Fighting for press freedom in Thailand [World Press Freedom Day]

Автор Priya Kumar
Oct 30, 2018 в Journalism Basics

To anyone doubting the relevance of press freedom, Thai journalist Chiranuch Premchaiporn has a message: “When we talk about press freedom, it should mean freedom of the people.”

Premchaiporn, executive director of the online newspaper Prachatai, faces multiple charges and decades of prison time under the country’s lèse-majesté laws and its 2007 Computer Crime Act (CCA). The CCA authorizes the government to block websites and prosecute content providers for posted material, including user comments.

Since the 2006 coup, the Thai government has tightened its control over online media. A recent Freedom House report deemed Thailand’s Internet freedom status “not free.”

Thailand’s 2007 constitution guarantees freedom of expression and prohibits censorship. It also enshrines the country’s king in a “position of revered worship,” declaring “no person shall expose the King to any sort of accusation or action.”

Police arrested Premchaiporn in March 2009 and September 2010. Both cases allege that Premchaiporn supported controversial views by leaving user comments critical of the monarchy on Prachatai’s web forum.

The case stemming from the March 2009 arrest spent five days in trial in February, with the remainder postponed until September. Premchaiporn is waiting to hear if the case from her September 2010 arrest will go to trial.

Premchaiporn spoke with IJNet about online media in Thailand. Below are excerpts from the interview.

Has the recent unrest in the Middle East affected how journalists, bloggers, citizens and the government interact in Thailand? Will what has happened in countries like Egypt and Tunisia lead to more or less censorship in Thailand and other countries?

Premchaiporn worries that such events will make the state more skeptical of the Internet. (The government drafted an updated computer crime act, but the measure recently stalled.

Internet penetration is just 27 percent in Thailand, she notes, but after the country’s political unrest, people started using the Internet as an alternative source of information. This concerns the government because it is not totally in control of this means of communication, she says. She hopes the government will realize the Internet should be a space for open debate.

How has social media affected Premchaiporn’s case?

Premchaiporn’s cases have garnered global attention in large part thanks to social media, she says. Colleagues tweeted after both her arrests.

“I think the police, they [were] quite surprised, probably shocked,” Premchaiporn says. “They didn’t finish the process to arrest me and the news [was] already coming out.” After her second arrest, police told her she’d likely have to spend a night in jail because it was too late to process bail, she says. As news of her arrest spread, pressure mounted on the police and government, and Premchaiporn ultimately left on bail that night.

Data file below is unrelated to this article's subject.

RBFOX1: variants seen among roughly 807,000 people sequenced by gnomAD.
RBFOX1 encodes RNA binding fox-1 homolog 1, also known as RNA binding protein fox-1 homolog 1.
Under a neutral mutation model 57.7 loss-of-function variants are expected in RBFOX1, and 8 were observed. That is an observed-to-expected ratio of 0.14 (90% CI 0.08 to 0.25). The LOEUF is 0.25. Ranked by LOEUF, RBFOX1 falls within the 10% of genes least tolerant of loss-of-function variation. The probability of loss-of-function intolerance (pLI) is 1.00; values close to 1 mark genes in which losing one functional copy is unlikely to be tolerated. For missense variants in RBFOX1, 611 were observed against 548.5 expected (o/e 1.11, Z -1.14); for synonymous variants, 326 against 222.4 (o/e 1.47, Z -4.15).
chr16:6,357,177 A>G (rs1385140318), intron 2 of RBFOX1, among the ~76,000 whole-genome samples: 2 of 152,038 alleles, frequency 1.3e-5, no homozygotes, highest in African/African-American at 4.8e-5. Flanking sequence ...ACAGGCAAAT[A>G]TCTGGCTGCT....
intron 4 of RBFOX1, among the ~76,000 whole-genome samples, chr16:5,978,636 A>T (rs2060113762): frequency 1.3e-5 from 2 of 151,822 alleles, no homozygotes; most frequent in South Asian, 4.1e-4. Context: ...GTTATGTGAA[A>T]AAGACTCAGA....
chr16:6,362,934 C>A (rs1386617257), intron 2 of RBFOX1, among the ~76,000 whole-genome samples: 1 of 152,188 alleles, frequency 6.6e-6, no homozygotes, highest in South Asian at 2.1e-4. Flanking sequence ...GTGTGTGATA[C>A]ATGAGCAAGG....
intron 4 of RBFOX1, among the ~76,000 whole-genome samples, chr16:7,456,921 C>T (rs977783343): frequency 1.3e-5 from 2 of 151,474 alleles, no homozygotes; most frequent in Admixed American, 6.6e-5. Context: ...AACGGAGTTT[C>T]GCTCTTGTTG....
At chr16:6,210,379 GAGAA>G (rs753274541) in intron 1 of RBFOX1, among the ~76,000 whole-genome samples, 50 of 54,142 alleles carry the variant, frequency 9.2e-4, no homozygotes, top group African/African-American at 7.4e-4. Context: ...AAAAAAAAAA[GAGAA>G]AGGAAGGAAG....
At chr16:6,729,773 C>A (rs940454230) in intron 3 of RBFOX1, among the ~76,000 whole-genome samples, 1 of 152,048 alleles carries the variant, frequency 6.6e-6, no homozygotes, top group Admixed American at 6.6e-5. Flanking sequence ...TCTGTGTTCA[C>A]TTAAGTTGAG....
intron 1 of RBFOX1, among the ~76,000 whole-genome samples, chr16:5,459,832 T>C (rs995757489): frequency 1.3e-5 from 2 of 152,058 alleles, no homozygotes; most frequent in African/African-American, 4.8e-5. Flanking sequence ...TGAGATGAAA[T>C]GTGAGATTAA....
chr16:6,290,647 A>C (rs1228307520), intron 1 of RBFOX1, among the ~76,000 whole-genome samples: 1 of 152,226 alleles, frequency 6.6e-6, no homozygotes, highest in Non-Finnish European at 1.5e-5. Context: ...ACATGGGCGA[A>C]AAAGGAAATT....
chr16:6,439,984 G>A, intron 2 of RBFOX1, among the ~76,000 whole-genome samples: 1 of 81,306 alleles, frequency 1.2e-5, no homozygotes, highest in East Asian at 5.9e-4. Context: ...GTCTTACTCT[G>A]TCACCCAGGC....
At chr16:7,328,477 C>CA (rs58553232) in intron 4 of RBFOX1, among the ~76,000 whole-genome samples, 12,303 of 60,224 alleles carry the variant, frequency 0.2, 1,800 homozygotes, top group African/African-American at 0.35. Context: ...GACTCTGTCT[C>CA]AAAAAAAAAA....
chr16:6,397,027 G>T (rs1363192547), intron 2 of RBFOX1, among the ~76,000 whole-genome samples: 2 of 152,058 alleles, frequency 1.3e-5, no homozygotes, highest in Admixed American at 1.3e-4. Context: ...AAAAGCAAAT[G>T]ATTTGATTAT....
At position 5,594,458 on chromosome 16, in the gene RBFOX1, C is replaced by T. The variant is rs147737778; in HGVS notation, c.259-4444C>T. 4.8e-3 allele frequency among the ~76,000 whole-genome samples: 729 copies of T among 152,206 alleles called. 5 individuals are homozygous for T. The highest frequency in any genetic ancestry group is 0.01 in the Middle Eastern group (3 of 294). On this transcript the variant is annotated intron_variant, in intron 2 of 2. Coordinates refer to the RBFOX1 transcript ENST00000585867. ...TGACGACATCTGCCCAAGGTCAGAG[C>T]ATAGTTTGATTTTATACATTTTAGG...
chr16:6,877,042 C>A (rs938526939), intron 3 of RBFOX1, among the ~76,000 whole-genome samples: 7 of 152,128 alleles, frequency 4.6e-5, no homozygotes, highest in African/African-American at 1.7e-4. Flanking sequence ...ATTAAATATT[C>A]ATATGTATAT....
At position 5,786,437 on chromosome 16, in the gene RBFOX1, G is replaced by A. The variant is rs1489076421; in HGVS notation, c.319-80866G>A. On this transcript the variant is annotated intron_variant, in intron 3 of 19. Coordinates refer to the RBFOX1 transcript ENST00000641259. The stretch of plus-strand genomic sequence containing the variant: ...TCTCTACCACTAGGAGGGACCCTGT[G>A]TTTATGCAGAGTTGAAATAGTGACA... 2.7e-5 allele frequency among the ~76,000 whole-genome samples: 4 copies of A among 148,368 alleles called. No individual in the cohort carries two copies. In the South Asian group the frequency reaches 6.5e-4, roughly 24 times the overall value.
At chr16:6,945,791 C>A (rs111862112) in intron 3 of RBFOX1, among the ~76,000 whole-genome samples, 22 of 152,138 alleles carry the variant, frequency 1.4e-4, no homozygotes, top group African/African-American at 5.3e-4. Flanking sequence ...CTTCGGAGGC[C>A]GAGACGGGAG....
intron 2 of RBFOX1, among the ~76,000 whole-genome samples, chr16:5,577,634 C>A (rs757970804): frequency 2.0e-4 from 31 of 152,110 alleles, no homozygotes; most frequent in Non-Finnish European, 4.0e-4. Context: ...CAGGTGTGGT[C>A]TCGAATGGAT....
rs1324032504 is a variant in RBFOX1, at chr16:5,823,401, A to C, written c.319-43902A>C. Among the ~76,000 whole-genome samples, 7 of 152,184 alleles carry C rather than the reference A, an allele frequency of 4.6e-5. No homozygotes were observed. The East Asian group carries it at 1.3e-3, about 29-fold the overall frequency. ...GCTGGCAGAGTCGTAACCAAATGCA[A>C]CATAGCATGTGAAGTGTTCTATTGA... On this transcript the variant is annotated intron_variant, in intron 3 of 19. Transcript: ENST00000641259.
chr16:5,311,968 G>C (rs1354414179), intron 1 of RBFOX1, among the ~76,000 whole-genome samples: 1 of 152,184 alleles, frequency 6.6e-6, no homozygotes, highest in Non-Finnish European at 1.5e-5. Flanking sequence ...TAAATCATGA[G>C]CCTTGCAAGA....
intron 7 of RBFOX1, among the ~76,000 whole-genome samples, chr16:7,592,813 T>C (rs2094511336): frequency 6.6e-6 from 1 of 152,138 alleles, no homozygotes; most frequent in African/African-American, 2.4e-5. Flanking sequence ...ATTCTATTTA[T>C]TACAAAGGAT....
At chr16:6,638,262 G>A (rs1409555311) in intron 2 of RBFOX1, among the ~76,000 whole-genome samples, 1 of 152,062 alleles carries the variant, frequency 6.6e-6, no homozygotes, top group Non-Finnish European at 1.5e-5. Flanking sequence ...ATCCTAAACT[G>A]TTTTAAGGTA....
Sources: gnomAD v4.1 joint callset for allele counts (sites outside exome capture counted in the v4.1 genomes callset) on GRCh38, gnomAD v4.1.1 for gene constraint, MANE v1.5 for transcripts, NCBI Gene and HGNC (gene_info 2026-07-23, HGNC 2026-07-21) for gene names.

What role do social media play in Thailand today?

Many people arrested under lèse-majesté laws hesitate to publicize their cases for fear of being associated with anything anti-monarchical, Premchaiporn says. “These kinds of allegations are very, very sensitive,” she adds.

Citizens and the government use social media to target individuals in online “witch hunts,” she says. If people oppose or challenge an idea and update their status on Facebook, for example, others take a screenshot, post it online and publically condemn that person as anti-royal, Premchaiporn says.

What does the monarchy mean to the Thai people?

Premchaiporn laughed nervously and paused before responding. “If we talk about the issue the Thai media will agree to practice self-censorship to, it’s … questioning or criticiz[ing] the monarchy. That I can say.”

What frustrates Premchaiporn about the current situation?

In Thai society, it’s easy to attack anybody who tries to defend free speech as anti-monarchy, she says. She adds that people don’t understand or can’t distinguish when journalists defend the right to expression. “It doesn’t mean we agree with all that the people say or we agree [with] the anti-monarchy movement,” she says.

What does World Press Freedom Day mean to Premchaiporn?

“Some media colleagues, they say press in Thailand are quite free,” she says. “In Thailand it’s quite clear that [press freedom] is not linked to the freedom of expression. It should be.”

Internet outlets practice self-censorship “because of some kind of fear,” Premchaiporn says. “If there’s any force, it’s not self-censorship. It should [be] call[ed] censorship.” She hopes to emphasize this point when she speaks at Monday’s plenary session “New Barriers: Censorship in the Digital Age.”

The public in Thailand sometimes thinks freedom of the press is not relevant, she says, but people must link it to freedom of the people. “It’s about the global connection,” she says. “Press freedom has to be universal.”

After everything she has been through, why does she continue to work as a journalist?

“I’m trained as a journalist,” Premchaiporn says. “Communication is the only way I know how to solve problems … So I could not quit.”

The United Nations Education, Scientific, and Cultural Organization (UNESCO) organizes World Press Freedom Day commemorations to celebrate the fundamental principles of press freedom; to evaluate press freedom; to defend the media from attacks on their independence and to pay tribute to journalists who have lost their lives in the line of duty. For complete information on the 2011 World Press Freedom Day global conference in Washington DC, see (in English).